The improved fuel economy of full-size pickup trucks, like Ford's F-Series, have pushed trucks to the top of the lists of new vehicle buyers recently.

It’s been one of the nation’s most popular models in recent years – in fact, topping the charts for two years running in the critical California market – but you might not know it from the April sales charts. The Toyota Prius just barely managed to make it into the Top 20 for the month.

And Prius wasn’t the only sign of a shift in the U.S. automotive marketplace, as shoppers seem to respond to relatively stable fuel prices by putting more attention on trucks – especially full-size pickups – and crossovers.

But don’t feel sorry for Toyota. The maker managed to plant three of its models among April’s 10 best-sellers, the original Prius hatchback making it four out of 20, according to an analysis of the month’s sales by tracking firm Autodata.

Large trucks have been gaining momentum for more than a year now, showing momentum even when fuel prices hit an all-time peak in many parts of the country during early 2013. A reviving economy has played a major role, truck buyers today largely looking for work vehicles, rather than the gas-guzzling playthings of the Urban Cowboy era.

The top selling vehicles in April were:

  1. Ford F-Series pickup
  2. Chevrolet Silverado pickup
  3. Toyota Camry sedan
  4. Ram pickup
  5. Honda Accord sedan and coupe
  6. Toyota Corolla compact
  7. Honda CR-V crossover
  8. Honda Civic sedan
  9. Ford Fusion sedan
  10. Nissan Altima sedan
  11. Ford Escape crossover
  12. Chevrolet Cruze
  13. Hyundai Sonata sedan
  14. Chevrolet Equinox crossover
  15. Hyundai Elantra sedan
  16. Chevrolet Malibu sedan
  17. Ford Focus sedan
  18. Honda RAV4 crossover
  19. Ford Explorer crossover
  20. Toyota Prius hybrid hatchback

It has helped, of course, that newer powertrain technologies have produced significant improvements in fuel economy. Ford, for example, now sells more V-6-powered F-150s than it does V-8 models, and the maker has intimated it will deliver even bigger mileage gains when it launches the aluminum-bodied remake of the F-150 for 2015.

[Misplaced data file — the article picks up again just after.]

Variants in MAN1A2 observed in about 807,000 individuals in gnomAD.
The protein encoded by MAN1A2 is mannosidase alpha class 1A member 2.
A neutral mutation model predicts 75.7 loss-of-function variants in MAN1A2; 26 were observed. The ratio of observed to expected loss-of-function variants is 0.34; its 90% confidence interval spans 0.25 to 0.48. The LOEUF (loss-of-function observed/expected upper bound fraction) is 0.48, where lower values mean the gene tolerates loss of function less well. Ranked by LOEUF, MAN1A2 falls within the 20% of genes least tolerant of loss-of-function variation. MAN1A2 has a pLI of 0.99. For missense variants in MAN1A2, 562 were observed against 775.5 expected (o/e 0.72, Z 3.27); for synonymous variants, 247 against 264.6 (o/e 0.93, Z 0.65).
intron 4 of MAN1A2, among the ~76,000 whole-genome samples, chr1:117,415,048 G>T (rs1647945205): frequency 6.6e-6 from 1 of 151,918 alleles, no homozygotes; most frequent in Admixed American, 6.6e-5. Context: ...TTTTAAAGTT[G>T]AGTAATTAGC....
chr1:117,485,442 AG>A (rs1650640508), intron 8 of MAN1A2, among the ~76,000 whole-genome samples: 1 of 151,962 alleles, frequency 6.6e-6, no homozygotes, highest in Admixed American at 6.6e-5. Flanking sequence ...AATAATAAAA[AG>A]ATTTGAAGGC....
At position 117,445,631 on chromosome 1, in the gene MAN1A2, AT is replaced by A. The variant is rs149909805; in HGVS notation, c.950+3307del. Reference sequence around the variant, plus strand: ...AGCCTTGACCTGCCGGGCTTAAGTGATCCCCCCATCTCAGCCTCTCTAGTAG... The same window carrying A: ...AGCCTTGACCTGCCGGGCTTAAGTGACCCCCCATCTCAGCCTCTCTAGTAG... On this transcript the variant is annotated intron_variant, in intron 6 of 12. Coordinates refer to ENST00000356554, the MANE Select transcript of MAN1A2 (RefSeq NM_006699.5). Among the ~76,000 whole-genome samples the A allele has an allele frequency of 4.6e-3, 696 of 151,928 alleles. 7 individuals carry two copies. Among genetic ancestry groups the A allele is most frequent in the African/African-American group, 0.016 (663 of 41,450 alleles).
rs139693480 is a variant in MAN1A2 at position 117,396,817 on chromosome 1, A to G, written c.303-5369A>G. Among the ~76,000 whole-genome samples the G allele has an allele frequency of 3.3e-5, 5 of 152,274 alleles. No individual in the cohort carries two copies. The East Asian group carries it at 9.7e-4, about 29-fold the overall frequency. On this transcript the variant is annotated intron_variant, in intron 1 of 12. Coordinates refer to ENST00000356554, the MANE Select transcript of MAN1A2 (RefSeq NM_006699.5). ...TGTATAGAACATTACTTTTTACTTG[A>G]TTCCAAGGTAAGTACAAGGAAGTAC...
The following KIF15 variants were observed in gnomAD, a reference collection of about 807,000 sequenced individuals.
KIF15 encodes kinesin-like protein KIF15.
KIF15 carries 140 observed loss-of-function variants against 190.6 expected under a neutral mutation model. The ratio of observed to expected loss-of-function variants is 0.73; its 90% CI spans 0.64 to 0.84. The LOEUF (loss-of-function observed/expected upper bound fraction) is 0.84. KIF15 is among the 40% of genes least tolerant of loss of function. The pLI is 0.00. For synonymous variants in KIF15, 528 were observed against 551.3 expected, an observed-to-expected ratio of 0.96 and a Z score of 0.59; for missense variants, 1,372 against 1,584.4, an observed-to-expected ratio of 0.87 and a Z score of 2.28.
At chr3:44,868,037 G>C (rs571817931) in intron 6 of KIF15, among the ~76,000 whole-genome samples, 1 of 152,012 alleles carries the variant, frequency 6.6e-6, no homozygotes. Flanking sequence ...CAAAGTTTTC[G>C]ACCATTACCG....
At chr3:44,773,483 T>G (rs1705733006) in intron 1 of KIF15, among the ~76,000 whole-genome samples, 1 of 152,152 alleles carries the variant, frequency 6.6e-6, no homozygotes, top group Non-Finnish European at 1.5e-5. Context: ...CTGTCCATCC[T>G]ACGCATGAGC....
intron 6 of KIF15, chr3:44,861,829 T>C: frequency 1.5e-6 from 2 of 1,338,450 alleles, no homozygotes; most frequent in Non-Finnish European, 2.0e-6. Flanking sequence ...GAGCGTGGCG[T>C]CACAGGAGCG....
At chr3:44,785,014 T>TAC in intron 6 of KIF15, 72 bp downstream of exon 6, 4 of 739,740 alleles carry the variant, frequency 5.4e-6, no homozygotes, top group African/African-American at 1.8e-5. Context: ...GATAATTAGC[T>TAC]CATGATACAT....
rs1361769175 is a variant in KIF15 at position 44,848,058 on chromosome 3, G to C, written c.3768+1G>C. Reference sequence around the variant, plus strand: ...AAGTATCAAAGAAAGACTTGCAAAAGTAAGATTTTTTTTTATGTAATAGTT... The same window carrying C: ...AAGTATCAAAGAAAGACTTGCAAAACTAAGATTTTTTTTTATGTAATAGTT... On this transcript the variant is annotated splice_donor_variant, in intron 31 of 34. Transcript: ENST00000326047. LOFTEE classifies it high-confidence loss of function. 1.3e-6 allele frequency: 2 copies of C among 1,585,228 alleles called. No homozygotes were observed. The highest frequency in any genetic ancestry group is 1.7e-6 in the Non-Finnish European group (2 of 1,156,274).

The current model was well and away the nation’s best-selling vehicle in April, good news for a Ford that saw an overall decline of 1% in April sales. In fact, the maker noted that demand for both the F-Series and for the Ford Explorer SUV reached their highest levels in nearly a decade last month. Explorer came in 19th on the April sales chart. Ford also landed the ninth-ranked Fusion, and the 11th-ranked Escape.

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Its Focus model was in the 17th sales slot, but that was a slide from recent months, and it reflected a sharp 15.9% dip in year-over-year sales for the compact model.

The Prius suffered an even sharper, 18.5% decline in April. Hybrids, in general, have been losing momentum as consumers shift focus away from fuel prices and finding mileage-misers.

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That said, Toyota’s recently redesigned compact model, the Corolla, came in at sixth, but the bigger Camry – and Honda’s midsize Accord – were well ahead. Only three compact passenger cars, a group that included the Hyundai Elantra, made it into Autodata’s Top 20 last month.

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Meanwhile, the F-Series was followed closely by two other full-size pickups, the second-ranked Chevrolet Silverado and the fourth-ranked Ram.

The rest of the monthly top-seller list was largely dominated by midsize sedans, and a mix of midsize and compact crossovers.

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